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Rep. Kildee: Veterans Exposed to Toxic PFAS Chemicals Deserve Access to Health Care

Press Release

Date: May 16, 2018
Location: Washington, DC

Congressman Dan Kildee (MI-05) testified today in front of the U.S. House of Representatives Committee on Veterans' Affairs to push Congress and the U.S. Department of Defense to do more to address Per- and Polyfluoroalkyl Substances (PFAS) contamination around military bases nationwide, including in Oscoda, and for the U.S. Department of Veterans Affairs to ensure veterans exposed to toxic chemicals have the health care they need.

PFAS chemicals have been found in groundwater and drinking water in Oscoda, Mich., due to their use in firefighting foam at former Wurtsmith Air Force Base, and around many other military instillations across the country. During his testimony, Congressman Kildee asked the U.S. Department of Defense to do more to clean up toxic contamination and ensure that veterans get the medical care they need if they were exposed to PFAS.

Earlier this week, Congressman Kildee also called on the Trump Administration to immediately release a study on the nationwide PFAS water contamination crisis.

A video of Congressman Kildee's full speech can be viewed here. A transcript of his remarks, as delivered, is below:

"Thank you, Mr. Chairman and Ranking Member, for holding this important hearing and giving us a chance to raise important issues.

I represent Oscoda, Michigan, which is a small community that contains the former Wurtsmith Air Force base, which was closed during a BRAC round more than twenty years ago.

Oscoda has been working to recover from the impact caused by this closure as well as dealing with some legacy issues caused by the base's operations.

For many decades, the Department of Defense has used a class of chemicals called PFAS in firefighting foam.

While PFAS is very good at putting out fires, it is a toxic chemical that causes negative health effects on human beings.

In Oscoda, the Defense Department's firefighting foam has leached into the groundwater around the former base and has contaminated the drinking water for residents nearby.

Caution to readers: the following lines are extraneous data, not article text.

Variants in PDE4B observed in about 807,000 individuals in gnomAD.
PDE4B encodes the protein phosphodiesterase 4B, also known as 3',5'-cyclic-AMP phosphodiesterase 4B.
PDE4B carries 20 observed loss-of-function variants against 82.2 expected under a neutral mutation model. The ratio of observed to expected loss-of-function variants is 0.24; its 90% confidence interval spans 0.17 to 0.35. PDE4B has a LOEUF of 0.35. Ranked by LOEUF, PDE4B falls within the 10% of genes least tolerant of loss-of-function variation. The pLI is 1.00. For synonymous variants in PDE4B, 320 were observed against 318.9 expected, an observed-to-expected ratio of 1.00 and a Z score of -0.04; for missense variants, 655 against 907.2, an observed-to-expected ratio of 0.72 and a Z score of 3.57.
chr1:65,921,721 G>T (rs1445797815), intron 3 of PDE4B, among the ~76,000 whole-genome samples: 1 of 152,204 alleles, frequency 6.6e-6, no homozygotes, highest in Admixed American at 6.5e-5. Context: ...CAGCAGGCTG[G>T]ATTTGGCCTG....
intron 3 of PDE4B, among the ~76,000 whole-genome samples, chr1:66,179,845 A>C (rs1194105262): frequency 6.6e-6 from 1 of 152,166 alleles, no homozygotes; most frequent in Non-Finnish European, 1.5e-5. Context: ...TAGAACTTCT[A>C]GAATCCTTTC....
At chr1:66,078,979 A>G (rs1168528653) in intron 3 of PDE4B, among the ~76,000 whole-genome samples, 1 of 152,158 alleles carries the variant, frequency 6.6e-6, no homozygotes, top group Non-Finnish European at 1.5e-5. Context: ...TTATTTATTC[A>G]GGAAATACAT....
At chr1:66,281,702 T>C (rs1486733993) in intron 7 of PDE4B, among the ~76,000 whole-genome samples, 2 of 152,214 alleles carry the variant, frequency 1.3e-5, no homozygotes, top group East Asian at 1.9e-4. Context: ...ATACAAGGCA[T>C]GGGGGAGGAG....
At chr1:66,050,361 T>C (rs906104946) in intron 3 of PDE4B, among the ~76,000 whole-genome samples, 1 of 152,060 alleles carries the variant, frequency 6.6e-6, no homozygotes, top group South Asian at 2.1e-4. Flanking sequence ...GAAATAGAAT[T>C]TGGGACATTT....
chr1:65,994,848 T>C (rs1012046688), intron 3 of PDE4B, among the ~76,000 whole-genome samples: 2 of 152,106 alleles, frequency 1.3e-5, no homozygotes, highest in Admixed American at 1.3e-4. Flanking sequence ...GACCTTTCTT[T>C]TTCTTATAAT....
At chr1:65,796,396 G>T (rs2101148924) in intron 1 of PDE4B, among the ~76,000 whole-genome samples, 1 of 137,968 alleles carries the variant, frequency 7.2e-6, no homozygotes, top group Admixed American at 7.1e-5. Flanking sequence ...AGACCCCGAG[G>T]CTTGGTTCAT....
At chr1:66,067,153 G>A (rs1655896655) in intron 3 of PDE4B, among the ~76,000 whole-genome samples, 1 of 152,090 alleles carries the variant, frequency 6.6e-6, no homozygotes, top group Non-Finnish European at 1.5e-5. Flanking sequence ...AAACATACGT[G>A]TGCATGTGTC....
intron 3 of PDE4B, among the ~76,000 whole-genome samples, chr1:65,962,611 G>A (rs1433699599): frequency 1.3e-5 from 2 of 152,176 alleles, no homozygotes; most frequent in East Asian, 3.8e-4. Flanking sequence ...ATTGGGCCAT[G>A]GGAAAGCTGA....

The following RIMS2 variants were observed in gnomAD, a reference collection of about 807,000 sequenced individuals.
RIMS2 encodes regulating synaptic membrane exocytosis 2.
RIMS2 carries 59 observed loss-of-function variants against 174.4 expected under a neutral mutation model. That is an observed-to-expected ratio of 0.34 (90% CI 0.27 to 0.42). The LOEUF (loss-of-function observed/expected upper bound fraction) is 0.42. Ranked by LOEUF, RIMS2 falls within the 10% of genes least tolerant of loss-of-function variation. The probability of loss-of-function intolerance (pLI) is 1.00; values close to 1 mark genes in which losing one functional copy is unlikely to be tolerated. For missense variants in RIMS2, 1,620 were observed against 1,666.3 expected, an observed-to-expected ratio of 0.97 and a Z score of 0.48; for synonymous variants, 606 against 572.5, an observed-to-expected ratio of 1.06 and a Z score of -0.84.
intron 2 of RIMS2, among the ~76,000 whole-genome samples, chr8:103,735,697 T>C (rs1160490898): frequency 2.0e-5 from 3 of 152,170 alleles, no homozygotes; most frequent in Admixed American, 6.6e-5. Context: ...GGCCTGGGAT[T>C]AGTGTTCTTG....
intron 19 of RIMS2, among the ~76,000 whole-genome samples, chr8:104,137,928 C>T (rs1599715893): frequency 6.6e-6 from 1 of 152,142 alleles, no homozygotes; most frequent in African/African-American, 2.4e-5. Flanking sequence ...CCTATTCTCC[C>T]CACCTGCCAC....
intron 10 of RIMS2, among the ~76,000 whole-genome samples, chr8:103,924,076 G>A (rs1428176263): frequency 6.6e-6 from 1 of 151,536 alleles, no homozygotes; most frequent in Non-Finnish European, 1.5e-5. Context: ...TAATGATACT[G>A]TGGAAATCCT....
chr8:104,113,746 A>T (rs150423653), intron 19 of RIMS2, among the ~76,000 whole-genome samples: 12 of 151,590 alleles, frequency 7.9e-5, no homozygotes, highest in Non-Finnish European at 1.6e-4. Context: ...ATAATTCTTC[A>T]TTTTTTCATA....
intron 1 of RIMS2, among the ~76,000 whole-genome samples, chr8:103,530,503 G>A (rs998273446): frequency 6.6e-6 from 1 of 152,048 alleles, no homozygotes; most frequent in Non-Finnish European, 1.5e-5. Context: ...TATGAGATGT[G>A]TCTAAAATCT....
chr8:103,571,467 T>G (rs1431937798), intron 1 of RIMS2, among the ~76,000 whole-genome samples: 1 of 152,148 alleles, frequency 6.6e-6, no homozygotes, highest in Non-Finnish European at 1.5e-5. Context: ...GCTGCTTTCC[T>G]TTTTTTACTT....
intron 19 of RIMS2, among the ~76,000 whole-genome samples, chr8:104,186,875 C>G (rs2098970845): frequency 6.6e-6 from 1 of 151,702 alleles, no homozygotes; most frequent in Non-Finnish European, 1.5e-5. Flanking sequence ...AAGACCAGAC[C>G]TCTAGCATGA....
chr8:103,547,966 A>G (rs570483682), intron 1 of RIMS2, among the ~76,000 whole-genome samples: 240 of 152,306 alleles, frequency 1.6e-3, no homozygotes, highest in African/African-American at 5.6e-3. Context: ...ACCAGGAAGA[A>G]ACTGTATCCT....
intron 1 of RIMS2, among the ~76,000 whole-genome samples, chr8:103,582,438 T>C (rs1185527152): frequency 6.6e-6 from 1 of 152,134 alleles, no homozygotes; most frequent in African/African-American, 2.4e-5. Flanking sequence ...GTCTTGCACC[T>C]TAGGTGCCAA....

Residents in this town and Wurtsmith's military families unknowingly drank contaminated groundwater for many, many years.

I know that this committee has been working on looking hard at how we take care of our veterans who have been exposed to toxic chemicals.

Many of these chemicals we know a lot about, including Agent Orange, PCBs and TCE.

PFAS, on the other hand, is a new group of chemicals where there is small--yet growing and very concerning--new research being done on this class of chemicals.

Exposure to PFAS has already been linked to cancer, as well as thyroid, kidney, liver, heart and reproductive problems.

That's why in last year's National Defense Reauthorization Act, I pushed to include a requirement that the Department of Defense study the health impacts of PFAS on service members. I was happy to see this health study included in the final bill.

It is estimated that this study will take 5 to 7 years in order to be completed. Once it is completed, we will know more about the health issues associated with exposure to these chemicals.

When we get that information, when we understand the health impacts that PFAS represent, this committee should move to pass legislation to immediately consider those conditions, traceable to PFAS exposure, as service-connected illnesses, and the VA should provide the impacted veterans with the necessary health coverage.

Many veterans now are already facing costly medical bills because of health issues associated with PFAS exposure. These veterans need our help.

I have been working with the committee, especially my friend and colleague from Michigan, Congressman Bergman, on this issue. We have to ensure that veterans get the health care they need.

So, I look forward to working with this committee on passing legislation that would ensure that veterans exposed to PFAS have the health coverage they need.

Again, I appreciate the opportunity to speak with the committee today. This is an important and growing issue, and it's one that I think will get the attention it deserves. So thank you for allowing me a few minutes on this question. Thank you."